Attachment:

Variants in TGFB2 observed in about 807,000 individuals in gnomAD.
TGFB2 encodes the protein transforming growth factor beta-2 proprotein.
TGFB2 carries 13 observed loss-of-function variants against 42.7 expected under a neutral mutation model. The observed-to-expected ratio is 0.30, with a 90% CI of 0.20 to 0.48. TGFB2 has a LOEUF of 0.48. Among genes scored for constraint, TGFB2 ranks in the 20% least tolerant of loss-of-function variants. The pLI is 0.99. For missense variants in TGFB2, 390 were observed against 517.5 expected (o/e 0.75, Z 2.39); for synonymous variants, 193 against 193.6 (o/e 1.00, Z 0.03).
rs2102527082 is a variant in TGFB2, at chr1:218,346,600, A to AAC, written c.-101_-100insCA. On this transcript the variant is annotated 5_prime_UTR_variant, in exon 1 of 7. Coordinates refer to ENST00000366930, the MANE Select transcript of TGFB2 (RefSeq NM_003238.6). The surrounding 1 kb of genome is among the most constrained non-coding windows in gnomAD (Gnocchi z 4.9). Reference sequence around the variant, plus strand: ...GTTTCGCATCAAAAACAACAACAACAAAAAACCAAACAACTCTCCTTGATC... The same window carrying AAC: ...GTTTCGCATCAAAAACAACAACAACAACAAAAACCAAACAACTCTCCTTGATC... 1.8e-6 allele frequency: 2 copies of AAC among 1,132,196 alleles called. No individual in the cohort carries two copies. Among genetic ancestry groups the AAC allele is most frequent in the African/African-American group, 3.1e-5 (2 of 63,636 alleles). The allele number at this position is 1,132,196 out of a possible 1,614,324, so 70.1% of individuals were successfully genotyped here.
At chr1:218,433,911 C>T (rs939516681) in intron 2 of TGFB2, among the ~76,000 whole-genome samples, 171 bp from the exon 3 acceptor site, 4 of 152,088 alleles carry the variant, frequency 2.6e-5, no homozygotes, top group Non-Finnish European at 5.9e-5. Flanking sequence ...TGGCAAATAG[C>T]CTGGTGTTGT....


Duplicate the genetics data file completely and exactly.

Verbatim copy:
Variants in TGFB2 observed in about 807,000 individuals in gnomAD.
TGFB2 encodes the protein transforming growth factor beta-2 proprotein.
TGFB2 carries 13 observed loss-of-function variants against 42.7 expected under a neutral mutation model. The observed-to-expected ratio is 0.30, with a 90% CI of 0.20 to 0.48. TGFB2 has a LOEUF of 0.48. Among genes scored for constraint, TGFB2 ranks in the 20% least tolerant of loss-of-function variants. The pLI is 0.99. For missense variants in TGFB2, 390 were observed against 517.5 expected (o/e 0.75, Z 2.39); for synonymous variants, 193 against 193.6 (o/e 1.00, Z 0.03).
rs2102527082 is a variant in TGFB2, at chr1:218,346,600, A to AAC, written c.-101_-100insCA. On this transcript the variant is annotated 5_prime_UTR_variant, in exon 1 of 7. Coordinates refer to ENST00000366930, the MANE Select transcript of TGFB2 (RefSeq NM_003238.6). The surrounding 1 kb of genome is among the most constrained non-coding windows in gnomAD (Gnocchi z 4.9). Reference sequence around the variant, plus strand: ...GTTTCGCATCAAAAACAACAACAACAAAAAACCAAACAACTCTCCTTGATC... The same window carrying AAC: ...GTTTCGCATCAAAAACAACAACAACAACAAAAACCAAACAACTCTCCTTGATC... 1.8e-6 allele frequency: 2 copies of AAC among 1,132,196 alleles called. No individual in the cohort carries two copies. Among genetic ancestry groups the AAC allele is most frequent in the African/African-American group, 3.1e-5 (2 of 63,636 alleles). The allele number at this position is 1,132,196 out of a possible 1,614,324, so 70.1% of individuals were successfully genotyped here.
At chr1:218,433,911 C>T (rs939516681) in intron 2 of TGFB2, among the ~76,000 whole-genome samples, 171 bp from the exon 3 acceptor site, 4 of 152,088 alleles carry the variant, frequency 2.6e-5, no homozygotes, top group Non-Finnish European at 5.9e-5. Flanking sequence ...TGGCAAATAG[C>T]CTGGTGTTGT....